“She’s an absolute mensch in the atmosphere she creates,” says Dennis Parlato, who first met her in 1984, when he was auditioning for the Playhouse in the Park. It was a beginning of a professional relationship that has spanned more than 30 years so far. Most recently, he appeared in the 2016 production of “Annapurna” that Meyers directed at ETC. “She has so much trust in her actors and everyone else she deals with. She guides you, but it’s never intrusive or abusive. As a director, she has one of the lightest touches I’ve ever worked with.”
Those of us who attend shows at ETC get a glimmering of Meyers’ positive approach in the high-energy welcoming speeches she gives before every show. She’s so energetic and enthusiastic that it feels like she is channeling all of her energy into creating a huge bubble of theatrical goodness for the audience.
The thing is, it’s not an act. The Meyers you see on the stage before the shows is the same woman you see in rehearsal or in interviews or in business negotiations.
“Lynn was the perfect child,” says Audrey Meyers. Admittedly, you have to take a mother’s words with a grain of salt. But Audrey is known for her tough-talking frankness. She’s not above offering criticism, even in public. Besides, there is no shortage of people who express similar sentiments.
During that streaming Globe Award ceremony in May, Cincinnati actor Annie Fitzpatrick said that “Because of Lynn, hundreds of actors – just like me – have a mentor, a fierce advocate, a tireless cheerleader and the most kind-hearted friend you could ask for.”
But to Meyers, this is all part of why she is here. And why she continued to champion ETC even when logic would seem to dictate against it.
“This is not a new message,” says Meyers. “Ensemble was founded to give local artists a home to work.”
What Fitzpatrick left out in her Globe Award comments is that Meyers’ work as a movie casting director has made it possible for many actors to live in Cincinnati and make a living wage from their craft. Stage acting alone probably wouldn’t provide enough to live on. But that changes when supplemented with the occasional film or commercial work.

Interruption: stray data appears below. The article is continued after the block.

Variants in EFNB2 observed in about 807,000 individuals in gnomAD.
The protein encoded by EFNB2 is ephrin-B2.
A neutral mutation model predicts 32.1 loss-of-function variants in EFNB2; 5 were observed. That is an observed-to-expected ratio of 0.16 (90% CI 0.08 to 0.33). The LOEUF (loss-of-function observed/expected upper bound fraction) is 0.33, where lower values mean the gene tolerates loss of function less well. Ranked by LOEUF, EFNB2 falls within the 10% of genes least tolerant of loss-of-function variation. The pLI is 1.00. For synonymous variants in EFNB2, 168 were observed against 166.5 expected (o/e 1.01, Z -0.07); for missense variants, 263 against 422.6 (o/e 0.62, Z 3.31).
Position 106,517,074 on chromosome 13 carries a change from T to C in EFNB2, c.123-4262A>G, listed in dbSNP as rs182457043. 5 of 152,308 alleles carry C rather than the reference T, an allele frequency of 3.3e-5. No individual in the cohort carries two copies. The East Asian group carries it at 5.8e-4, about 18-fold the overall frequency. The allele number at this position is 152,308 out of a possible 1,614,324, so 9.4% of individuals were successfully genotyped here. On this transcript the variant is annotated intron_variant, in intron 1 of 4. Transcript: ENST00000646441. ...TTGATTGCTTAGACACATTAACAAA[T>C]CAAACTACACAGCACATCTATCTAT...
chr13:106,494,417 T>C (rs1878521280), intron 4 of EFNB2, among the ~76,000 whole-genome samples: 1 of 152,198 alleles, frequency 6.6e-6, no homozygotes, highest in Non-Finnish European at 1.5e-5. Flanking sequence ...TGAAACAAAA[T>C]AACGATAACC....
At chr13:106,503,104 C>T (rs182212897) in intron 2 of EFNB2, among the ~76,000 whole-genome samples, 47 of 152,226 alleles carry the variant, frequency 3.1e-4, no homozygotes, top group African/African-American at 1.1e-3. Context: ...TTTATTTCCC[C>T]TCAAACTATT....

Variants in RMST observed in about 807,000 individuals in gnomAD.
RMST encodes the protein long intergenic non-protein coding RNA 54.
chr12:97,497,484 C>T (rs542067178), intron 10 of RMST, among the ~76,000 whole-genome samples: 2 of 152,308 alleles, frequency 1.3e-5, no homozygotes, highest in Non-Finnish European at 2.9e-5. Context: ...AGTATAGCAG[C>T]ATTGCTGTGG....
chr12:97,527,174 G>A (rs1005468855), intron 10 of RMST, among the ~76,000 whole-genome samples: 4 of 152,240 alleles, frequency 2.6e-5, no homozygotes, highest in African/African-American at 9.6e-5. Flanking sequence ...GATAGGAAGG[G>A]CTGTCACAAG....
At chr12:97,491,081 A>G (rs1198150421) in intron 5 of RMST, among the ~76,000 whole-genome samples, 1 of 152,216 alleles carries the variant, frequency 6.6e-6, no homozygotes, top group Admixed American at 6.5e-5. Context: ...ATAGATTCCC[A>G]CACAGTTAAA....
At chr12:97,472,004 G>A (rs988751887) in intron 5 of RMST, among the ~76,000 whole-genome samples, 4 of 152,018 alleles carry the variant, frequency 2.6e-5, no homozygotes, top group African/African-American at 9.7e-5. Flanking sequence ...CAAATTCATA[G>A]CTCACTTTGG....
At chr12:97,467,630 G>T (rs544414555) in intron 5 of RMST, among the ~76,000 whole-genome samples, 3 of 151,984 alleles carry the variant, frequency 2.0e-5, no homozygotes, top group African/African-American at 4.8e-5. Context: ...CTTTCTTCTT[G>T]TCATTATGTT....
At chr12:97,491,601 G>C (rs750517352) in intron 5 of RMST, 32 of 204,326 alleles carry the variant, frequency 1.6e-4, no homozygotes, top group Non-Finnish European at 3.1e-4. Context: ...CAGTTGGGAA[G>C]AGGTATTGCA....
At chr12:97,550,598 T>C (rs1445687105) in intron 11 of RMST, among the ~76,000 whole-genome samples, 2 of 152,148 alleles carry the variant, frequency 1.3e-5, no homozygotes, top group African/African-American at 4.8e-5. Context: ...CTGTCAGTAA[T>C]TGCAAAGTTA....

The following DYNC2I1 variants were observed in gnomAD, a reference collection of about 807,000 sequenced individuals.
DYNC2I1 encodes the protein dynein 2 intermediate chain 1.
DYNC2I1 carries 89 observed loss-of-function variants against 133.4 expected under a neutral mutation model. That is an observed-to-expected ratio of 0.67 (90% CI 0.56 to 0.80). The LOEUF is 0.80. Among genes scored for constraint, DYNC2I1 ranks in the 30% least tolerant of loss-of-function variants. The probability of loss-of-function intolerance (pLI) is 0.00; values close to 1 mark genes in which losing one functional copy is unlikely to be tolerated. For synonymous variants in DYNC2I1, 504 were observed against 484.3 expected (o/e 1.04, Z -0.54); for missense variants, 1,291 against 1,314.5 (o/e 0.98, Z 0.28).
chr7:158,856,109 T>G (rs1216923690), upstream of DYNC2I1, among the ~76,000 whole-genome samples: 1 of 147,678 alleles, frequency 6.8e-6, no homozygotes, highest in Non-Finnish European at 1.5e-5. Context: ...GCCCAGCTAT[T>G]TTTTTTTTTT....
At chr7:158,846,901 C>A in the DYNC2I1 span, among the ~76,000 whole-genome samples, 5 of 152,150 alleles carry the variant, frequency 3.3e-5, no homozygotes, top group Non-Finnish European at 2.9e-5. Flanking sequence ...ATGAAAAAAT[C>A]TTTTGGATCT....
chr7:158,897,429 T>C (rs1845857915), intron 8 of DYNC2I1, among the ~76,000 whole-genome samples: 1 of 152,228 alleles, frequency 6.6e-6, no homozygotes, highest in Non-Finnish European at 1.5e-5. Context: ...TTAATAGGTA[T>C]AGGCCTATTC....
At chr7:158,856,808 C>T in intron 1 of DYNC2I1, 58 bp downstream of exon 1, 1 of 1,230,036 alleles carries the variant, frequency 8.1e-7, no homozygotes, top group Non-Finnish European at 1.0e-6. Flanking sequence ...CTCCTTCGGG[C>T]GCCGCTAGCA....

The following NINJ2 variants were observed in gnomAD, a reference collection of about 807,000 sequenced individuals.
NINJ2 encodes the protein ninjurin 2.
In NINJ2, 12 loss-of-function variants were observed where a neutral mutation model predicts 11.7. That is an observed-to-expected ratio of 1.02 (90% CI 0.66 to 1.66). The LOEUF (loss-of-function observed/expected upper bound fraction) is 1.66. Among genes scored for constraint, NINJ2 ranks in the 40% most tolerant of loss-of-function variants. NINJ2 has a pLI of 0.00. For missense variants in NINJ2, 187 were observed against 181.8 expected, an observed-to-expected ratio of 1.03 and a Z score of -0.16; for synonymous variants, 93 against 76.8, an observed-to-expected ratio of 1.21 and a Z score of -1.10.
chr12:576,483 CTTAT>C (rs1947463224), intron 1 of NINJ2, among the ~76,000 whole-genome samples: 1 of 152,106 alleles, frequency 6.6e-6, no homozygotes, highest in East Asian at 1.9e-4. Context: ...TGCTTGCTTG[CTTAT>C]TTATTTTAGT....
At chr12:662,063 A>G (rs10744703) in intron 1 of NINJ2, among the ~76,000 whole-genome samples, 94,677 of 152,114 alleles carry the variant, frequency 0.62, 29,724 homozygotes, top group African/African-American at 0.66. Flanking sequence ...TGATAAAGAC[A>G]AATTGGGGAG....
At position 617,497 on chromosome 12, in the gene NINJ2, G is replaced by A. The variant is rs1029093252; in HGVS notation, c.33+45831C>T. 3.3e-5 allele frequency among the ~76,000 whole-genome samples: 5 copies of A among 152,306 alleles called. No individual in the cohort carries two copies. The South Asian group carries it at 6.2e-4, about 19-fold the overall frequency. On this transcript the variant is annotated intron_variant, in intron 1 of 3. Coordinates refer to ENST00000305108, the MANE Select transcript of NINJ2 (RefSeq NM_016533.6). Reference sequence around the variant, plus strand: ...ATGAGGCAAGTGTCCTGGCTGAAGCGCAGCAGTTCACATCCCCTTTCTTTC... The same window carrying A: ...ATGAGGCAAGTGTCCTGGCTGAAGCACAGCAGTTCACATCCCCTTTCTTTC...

The list of films for which Meyers has been able to recruit Cincinnati is long and impressive, including titles like “The Shawshank Redemption,” “Carol,” “Miles Ahead” and “The Killing of the Sacred Deer.”
By any measure, Meyers’ 25-year tenure at ETC has been an unlikely journey. But according to costume designer Reba Senske, Meyers is attracted to challenges, the greater the better.
“No matter what it takes to get it done, she’s your woman,” says Senske, a CCM faculty member and former ETC costume designer, whose history with Meyers goes back to the early Playhouse days. “You just say ‘this is what I need to do’ and move forward. I think it’s the secret to her success.”
If she runs into barriers – and she has – she doesn’t regard that as a sign to stop. Rather, she sets out to find a different solution.
“I loved doing those crazy Christmas shows with her,” says Senske, recalling the dramatic challenges that would often pop up in Joseph McDonough’s scripts.
Cincinnati playwright McDonough collaborated with composer David Kisor to create several of ETC’s holiday shows. They were filled with a rainbow-colored sets populated by small armies of ultra-zany characters; an Elvis-like Mock Turtle, a weed-puffing caterpillar, a Cheshire Cat who belts songs and so much gender-bending – a female Tsar, for instance – that audiences lose all sight of traditional gender roles.
“I think he would write some crazy line in there just to see if we could do it. I remember some like ‘a herd of buffalo thundered across the stage,’ or ‘the elephants would show up’ or ‘everybody turns into a thorn bush.’ We’d laugh and shake our heads. And then we would make it happen. That’s the magic of Lynn.”
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As with most live theater in Cincinnati, Ensemble Theatre remains closed at present, hoping to return to in-person performances as health concerns allow.
Learn more, and support Ensemble Theatre at ensemblecincinnati.org.
This profile is made possible thanks to the generosity of an anonymous donor.